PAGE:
Paul and Lucy Spadoni periodically live in Tuscany to explore Paul’s Italian roots, practice their Italian and enjoy “la dolce vita.” Paul is the author of "An American Family in Italy: Living La Dolce Vita without Permission," an Amazon bestseller.
All work is copyrighted and may not be reprinted without written permission from the author, who can be contacted at www.paulspadoni.com
Tuesday, April 17, 2018
Another scam attempt using my identity—this time unsuccessful
My scammer body double is at it again, trying to sell a car to
a woman in Germany. The woman, whom I’ll call Maddie, contacted me today on
Facebook, saying: “Dear Paul! I was about to buy a car and was contacted by “Fekete
Zsolt Akos,” who obviously stole your identity. He sent me a passport (which
was photoshopped) and some of your pictures. Thanks to Google, I found (with the pictures) your blog and read about your identity theft.”
Maddie sent me a copy of the passport, which shows a handsome
middle-aged man (okay, okay, an average-looking elderly man). It is a copy of
my passport, but most of the vital information has been changed, including the
place of birth, which now reads Roma. The other photos she received have been
copied from my blog.
Maddie lives in Berlin, and she explained that the scammer “writes
me Whattsapp messages and tries to sell me a car. I asked him to send me a
picture of him and the car. Maybe now he smells a rat. He writes from a German
number and writes in (not fluent) German. He says he’s a doctor, living in Rome.”
I printed out the fake passport photo, along with a copy of my
correspondence with Maddie (who also gave me both her number and the number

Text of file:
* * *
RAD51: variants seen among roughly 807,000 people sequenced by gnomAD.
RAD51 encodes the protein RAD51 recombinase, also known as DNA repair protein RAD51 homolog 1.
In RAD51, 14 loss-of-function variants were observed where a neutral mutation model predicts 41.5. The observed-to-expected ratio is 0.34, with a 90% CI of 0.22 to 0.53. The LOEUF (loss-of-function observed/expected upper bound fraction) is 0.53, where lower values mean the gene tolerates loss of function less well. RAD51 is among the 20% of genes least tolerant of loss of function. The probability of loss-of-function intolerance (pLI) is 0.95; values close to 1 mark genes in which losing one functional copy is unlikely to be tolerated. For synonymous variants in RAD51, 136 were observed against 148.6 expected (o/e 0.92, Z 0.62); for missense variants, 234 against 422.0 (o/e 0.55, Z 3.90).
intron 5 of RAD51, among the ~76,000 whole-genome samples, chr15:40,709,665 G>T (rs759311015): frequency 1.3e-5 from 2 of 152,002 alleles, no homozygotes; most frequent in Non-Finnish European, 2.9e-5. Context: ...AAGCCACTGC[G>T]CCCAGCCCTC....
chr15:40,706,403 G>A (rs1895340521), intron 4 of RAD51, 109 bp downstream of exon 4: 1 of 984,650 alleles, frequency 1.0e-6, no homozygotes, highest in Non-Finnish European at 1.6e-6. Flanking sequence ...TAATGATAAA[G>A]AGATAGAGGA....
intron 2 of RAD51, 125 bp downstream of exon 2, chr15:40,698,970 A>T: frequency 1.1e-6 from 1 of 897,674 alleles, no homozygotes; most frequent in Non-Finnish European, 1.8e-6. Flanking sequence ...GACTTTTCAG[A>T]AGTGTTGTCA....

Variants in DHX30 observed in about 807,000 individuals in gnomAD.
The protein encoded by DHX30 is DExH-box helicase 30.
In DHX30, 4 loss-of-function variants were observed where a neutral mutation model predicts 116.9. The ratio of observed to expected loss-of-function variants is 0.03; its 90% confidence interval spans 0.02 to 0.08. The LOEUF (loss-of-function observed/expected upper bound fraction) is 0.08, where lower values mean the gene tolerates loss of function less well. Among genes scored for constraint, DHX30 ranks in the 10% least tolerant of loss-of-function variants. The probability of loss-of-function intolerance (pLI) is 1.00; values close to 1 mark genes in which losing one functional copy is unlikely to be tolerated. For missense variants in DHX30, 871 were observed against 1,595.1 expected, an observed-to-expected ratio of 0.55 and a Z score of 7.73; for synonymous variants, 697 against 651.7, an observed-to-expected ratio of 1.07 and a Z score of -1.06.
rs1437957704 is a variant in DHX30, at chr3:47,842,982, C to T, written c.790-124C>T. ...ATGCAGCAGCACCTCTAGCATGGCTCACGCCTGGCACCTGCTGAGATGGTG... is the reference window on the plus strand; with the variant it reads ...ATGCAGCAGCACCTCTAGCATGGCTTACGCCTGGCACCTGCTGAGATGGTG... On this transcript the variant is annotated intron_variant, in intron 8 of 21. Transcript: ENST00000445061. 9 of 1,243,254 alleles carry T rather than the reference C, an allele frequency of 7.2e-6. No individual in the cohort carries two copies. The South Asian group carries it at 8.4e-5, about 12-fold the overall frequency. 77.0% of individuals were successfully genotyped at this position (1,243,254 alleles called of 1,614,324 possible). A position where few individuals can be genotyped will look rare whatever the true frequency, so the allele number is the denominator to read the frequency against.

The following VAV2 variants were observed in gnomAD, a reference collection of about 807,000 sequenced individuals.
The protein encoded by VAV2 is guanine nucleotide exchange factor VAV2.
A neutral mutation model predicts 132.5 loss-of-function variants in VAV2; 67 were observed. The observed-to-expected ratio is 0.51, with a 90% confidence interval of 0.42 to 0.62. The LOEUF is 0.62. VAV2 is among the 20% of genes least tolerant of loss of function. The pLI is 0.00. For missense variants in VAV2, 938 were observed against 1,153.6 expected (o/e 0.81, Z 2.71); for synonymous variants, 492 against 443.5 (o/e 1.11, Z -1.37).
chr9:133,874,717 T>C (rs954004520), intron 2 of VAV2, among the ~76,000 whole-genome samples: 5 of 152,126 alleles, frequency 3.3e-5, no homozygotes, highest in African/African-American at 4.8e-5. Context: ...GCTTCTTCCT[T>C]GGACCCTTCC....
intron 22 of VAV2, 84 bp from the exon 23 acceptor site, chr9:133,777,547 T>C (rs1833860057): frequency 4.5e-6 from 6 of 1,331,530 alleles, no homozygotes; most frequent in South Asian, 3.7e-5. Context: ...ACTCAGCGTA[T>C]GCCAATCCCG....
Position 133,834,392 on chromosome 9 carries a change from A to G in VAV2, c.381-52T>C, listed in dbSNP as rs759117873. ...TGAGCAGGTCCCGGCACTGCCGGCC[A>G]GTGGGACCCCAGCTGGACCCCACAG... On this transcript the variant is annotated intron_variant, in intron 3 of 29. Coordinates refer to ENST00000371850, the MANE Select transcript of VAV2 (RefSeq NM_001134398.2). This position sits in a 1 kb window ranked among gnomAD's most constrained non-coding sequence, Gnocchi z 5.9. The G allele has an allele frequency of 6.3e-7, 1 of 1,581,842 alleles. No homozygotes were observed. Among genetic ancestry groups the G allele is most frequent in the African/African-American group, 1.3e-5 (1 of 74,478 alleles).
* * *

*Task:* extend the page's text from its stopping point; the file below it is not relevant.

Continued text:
being used by the scammer) and took them to Carabinieri Marshall Ratta this
afternoon. He wrote up an additional report to add to my previous denuncia.
In the best of all worlds, the Italian and German police will
now work together on a sting operation, contacting the scammer by using his
German number and pretending to be interested in buying a car. They’ll then cleverly
lure him into a meeting and nab him, forever clearing my good name! Nei miei sogni (in my dreams)!
Actually, Marshall Ratta told me that since the person being
contacted is in Germany and the scammer is using a German phone card, the Italian
police probably won’t do anything about this current complaint. I doubt that
they’d successfully be able to trick the scammer into coming out in the open
However, this new incident may serve to bolster my case with
the Agenzia dell’Entrate down the road, and I’m also happy to see that my recent
blog entries about my identity theft helped warn Maddie away from a fraudulent
purchase. Thanks also to Google, which allows people to do an image search by
dragging and dropping a photo. That’s how Maddie found my blog. Who knows what
will come next? ------------------------------- See also: A high stakes challenge: I must fight the Italian IRS and Slow progress in the case of my identity theft.